However, as I’ve already discussed, people don’t respond to a list of probabilities.  People respond to narratives.  We respond to a story – with a hero, a challenge, a villain (or cause of the challenge) and overcoming that challenge.  If a factory closes in Chillicothe, Ohio, what story will its former workers tell about why it happened?  Will they conclude that it was “inevitable market forces brought about by global treaties” and happily take ‘job training’ credits from the government to ‘transition the labor force into a 21st century economy’?  You may have guessed this, but of course not.  In that story, the government is part of the problem in signing trade deals that helped ship their jobs overseas.  They don’t want to ‘transition to emerging marketplaces’.  They can’t.

I’ve lived in Chillicothe, Ohio.  I love the place. If the paper mill there closes down, the workers aren’t going to become software engineers overnight.  They have mortgages to pay, families to support and have built up years of specific knowledge around making paper products.  Even if they learned a new skill, Google isn’t hiring in Chillicothe. Neither is Amazon. Nor Facebook. And they are never going to be.

These factory workers are looking for answers, looking for a pattern to understand the world.  We all are.  They aren’t going to be swayed by job training credits and shrug it off to globalization. Instead, these factory workers may believe that immigration closed down their mill.  Workers overseas or here in the U.S. who are willing to do the work for less money undercut the American factory worker.  The mill is more profitable in India or in rural North Carolina where the company can pay the workers less money and benefits.  The factory worker may see a small influx of Mexican immigrants in town as a cause the factory was shut down.  As I stated earlier, once we misunderstand the cause, we will then create patterns out of randomness.  If the factory worker blames immigration or poor (read: brown) workers overseas, he will look for clues to fit his pattern everywhere he goes.  Every story about an immigrant he sees will then fit into this pattern.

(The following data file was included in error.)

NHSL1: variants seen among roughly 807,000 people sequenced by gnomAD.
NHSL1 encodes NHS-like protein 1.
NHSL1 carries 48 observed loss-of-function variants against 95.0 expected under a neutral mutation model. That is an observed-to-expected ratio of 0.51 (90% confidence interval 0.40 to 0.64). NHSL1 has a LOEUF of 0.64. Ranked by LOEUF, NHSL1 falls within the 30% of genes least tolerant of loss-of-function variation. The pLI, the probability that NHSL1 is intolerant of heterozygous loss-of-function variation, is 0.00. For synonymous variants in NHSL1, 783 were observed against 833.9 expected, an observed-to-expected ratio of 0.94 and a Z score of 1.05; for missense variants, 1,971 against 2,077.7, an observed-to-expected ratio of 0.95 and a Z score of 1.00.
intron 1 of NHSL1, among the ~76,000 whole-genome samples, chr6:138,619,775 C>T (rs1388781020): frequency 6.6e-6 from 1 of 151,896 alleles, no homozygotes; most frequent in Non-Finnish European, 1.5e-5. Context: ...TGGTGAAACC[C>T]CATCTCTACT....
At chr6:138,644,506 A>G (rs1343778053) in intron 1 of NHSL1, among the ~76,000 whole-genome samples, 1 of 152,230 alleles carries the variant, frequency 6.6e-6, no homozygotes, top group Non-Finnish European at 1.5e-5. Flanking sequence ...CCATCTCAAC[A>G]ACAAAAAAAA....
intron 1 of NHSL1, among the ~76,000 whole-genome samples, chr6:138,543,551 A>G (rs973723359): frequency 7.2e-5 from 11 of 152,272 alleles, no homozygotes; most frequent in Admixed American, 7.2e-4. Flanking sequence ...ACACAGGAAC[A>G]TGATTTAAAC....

When we seek a pattern, media helps us find it

He doesn’t have to go very far to find those stories.  Conservative media is happy to provide him with all the clues he wants.  Do you ever wonder why national media outlets focus on seemingly innocuous local stories sometimes?  That may be a local elementary school including a song about their (then) current president.  Or it may be the current president pointing out specific crimes that happened to be committed by immigrants.  Or specific people who claimed to have been hurt by Obamacare.  None of these stories appeal to me.  But they certainly appeal to anyone looking for certain patterns.  They serve to reinforce certain narratives – the criminal immigrant, the terrible effects of Obamacare, the liberal indoctrination of our youth.

Whereas I may see these stories as specific individual events, I am not looking to put them into a preconceived pattern.  Others are.

Everything in politics is debated.  There are no questions in which we have a consensus across the political spectrum. In this atmosphere, the cause is always in question (Did FDR save us from the Great Depression or make it last longer?  Is climate change occurring or are we getting hotter because Ryan Gosling was born, thus bringing the world’s hotness up a few pegs?)  When the cause is always in question, we will always look for patterns that fit our beliefs.  When these patterns are reinforced thru the media, beliefs become hardened and myth becomes reality.

Remember those letters I asked you to memorize at the beginning of this (long) post?

Without scrolling back up, can you repeat those 20 letters in a row?

How about if I make the pattern more clear?


You may not have been able to remember 20 straight letters without knowing the pattern.  But you can probably remember seven abbreviations that have meaning.  They are the same thing.  It’s just easier in a pattern.